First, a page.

What next steps are needed to further expand on the findings from TRU-D?

We need randomized studies to confirm the promising [activity of the] combination of neoadjuvant chemotherapy plus durvalumab plus tremelimumab in patients with newly diagnosed advanced ovarian cancer.

Optimal regimens of neoadjuvant chemotherapy plus immunotherapy are [being] actively explored in ovarian cancer. In expansion cohorts from TRU-D, [we evaluated the efficacy of] a single, high priming dose of tremelimumab. Survival follow-up [in this cohort] is ongoing.

What else were you excited to see at the 2023 SGO Annual Meeting on Women’s Cancer?

I was looking forward to seeing the results with immunotherapy in endometrial cancer from the [phase 3] RUBY [NCT03981796] and NRG GY018 trials [NCT03914612]. [However, there have not been] many immunotherapy studies in ovarian cancer, so we are waiting for other ovarian cancer immunotherapy studies.

Disclosure: Dr Lee reports advisory board positions, lecture positions, and/or reimbursements from AstraZeneca, Janssen, Eisai, Merck, MSD, Roche, and TAKEDA; and institutional financial interests with Ascendis Pharma, AstraZeneca, Beigene, BerGenBio, Cellid, Clovis Oncology, Eisai, GII, Immunogen, Janssen, Merck, Mersana, MSD, Novartis, OncoQuest, ONO, Roche, Seagen, Synthon, and TAKEDA.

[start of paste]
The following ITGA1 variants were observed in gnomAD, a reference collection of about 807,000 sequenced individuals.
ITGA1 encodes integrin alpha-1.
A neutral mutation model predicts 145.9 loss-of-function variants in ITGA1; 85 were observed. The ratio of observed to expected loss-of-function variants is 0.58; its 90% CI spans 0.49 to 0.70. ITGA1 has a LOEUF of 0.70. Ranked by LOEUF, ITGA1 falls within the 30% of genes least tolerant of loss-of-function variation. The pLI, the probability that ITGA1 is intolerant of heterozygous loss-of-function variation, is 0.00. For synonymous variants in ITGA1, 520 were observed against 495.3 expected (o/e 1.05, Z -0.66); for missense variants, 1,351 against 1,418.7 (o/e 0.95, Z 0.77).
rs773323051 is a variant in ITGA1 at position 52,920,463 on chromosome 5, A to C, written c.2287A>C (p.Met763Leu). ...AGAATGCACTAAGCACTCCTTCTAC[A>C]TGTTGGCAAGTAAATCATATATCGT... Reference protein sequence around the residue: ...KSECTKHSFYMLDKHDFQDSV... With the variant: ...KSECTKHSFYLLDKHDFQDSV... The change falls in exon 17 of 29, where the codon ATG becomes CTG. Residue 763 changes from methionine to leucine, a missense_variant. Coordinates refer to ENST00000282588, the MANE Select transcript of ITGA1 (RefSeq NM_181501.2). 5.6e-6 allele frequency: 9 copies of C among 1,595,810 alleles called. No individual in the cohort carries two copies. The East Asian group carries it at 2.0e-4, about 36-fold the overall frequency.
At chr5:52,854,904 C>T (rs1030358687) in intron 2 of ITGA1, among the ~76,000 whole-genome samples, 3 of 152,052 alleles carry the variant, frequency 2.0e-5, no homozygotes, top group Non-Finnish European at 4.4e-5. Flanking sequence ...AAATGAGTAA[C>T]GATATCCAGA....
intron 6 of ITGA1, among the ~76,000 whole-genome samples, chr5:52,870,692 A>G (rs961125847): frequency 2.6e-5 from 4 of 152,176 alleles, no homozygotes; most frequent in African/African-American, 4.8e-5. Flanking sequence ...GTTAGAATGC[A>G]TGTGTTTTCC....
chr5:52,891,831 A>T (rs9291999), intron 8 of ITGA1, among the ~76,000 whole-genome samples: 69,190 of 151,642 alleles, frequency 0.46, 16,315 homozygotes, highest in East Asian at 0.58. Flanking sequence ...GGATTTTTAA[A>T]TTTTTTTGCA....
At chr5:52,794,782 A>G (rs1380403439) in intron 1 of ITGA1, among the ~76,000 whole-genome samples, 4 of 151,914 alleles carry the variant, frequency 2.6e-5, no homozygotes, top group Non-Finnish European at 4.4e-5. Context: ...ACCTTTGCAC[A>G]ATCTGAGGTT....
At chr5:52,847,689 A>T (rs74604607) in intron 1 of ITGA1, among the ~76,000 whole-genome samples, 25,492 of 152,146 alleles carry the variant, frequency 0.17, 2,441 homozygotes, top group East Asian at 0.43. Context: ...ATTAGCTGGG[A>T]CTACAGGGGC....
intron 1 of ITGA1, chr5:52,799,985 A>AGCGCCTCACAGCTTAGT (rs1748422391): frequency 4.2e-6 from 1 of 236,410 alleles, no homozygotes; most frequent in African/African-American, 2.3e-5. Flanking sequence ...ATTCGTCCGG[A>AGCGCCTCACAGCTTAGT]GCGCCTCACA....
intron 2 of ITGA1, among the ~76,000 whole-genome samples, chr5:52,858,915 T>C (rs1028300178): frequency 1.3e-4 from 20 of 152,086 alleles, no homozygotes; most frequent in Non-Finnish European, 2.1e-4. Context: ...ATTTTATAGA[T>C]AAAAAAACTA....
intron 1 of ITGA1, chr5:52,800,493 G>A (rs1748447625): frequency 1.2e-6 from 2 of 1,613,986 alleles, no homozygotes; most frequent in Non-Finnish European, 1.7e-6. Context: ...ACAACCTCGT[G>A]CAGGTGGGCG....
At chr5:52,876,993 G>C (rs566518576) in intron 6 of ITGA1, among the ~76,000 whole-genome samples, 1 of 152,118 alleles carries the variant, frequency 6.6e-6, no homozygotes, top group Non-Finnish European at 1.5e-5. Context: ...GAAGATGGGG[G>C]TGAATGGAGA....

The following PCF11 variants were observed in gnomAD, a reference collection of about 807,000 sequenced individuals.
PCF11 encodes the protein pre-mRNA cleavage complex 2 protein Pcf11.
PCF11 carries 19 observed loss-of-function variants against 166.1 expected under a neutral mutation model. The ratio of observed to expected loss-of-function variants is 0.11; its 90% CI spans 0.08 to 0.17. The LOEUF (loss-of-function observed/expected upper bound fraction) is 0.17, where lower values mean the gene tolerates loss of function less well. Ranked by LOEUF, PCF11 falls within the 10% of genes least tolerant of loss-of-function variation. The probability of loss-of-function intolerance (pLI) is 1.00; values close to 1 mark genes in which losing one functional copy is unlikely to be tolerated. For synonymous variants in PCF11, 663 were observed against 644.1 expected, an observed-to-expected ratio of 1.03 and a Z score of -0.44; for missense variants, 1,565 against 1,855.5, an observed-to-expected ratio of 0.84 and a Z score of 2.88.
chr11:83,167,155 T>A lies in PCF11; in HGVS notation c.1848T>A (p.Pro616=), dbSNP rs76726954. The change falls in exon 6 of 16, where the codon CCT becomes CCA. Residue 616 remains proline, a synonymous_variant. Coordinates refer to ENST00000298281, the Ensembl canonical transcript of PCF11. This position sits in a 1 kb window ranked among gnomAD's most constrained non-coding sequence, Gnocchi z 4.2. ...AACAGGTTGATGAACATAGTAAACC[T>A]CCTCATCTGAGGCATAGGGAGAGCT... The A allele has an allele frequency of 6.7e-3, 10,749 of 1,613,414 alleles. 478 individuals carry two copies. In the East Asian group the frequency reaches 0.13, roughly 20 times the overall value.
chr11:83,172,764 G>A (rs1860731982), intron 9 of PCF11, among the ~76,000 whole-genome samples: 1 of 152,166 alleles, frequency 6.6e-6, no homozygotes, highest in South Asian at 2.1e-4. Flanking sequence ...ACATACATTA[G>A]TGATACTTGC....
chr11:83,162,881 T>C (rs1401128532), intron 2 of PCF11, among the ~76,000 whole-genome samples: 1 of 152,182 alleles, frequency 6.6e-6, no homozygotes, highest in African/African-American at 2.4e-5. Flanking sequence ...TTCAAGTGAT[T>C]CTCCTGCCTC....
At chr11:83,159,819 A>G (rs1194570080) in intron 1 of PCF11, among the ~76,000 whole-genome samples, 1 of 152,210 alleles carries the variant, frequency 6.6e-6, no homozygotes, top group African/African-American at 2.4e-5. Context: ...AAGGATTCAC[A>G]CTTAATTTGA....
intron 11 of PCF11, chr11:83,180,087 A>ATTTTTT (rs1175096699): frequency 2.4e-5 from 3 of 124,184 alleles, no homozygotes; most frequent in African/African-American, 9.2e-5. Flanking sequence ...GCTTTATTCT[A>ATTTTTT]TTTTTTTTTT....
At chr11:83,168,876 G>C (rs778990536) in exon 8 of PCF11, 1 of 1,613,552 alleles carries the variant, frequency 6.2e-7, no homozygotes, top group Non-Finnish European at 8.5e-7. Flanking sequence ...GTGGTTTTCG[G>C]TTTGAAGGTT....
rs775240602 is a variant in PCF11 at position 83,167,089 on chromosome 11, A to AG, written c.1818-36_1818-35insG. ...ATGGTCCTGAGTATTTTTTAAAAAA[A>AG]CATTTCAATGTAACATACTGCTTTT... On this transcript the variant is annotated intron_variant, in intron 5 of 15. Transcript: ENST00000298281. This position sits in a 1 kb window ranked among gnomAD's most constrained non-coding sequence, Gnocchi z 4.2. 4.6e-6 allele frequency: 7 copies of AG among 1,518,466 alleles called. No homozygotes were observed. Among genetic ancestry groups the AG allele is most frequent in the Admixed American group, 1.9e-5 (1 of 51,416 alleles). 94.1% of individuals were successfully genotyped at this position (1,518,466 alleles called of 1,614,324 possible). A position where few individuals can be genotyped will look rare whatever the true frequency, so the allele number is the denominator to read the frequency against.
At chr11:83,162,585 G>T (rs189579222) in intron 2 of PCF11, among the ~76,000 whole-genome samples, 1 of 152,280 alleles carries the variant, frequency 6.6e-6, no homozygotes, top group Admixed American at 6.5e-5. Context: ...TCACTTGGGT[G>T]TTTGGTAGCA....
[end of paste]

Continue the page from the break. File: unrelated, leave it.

References

  1. Lee JY, Park J, Lim MC, et al. Final primary analysis in the original cohort of KGOG3046/TRU-D: a phase II study of durvalumab and tremelimumab with front-line neoadjuvant chemotherapy in patients with advanced-stage ovarian cancer. Presented at: 2023 Society of Gynecologic Oncology Annual Meeting on Women’s Cancer; March 25-28; Tampa, Florida.
  2. Monk BJ, Colombo N, Oza AM, et al. Chemotherapy with or without avelumab followed by avelumab maintenance versus chemotherapy alone in patients with previously untreated epithelial ovarian cancer (JAVELIN Ovarian 100): an open-label, randomised, phase 3 trial. Lancet Oncol. 2021;22(9):1275-1289. doi:10.1016/S1470-2045(21)00342-9
  3. Moore KN, Bookman M, Sehouli J, et al. Atezolizumab, bevacizumab, and chemotherapy for newly diagnosed stage III or IV ovarian cancer: placebo-controlled randomized phase III trial (IMagyn050/GOG 3015/ENGOT-OV39). J Clin Oncol. 2021;39(17):1842-1855. doi:10.1200/JCO.21.00306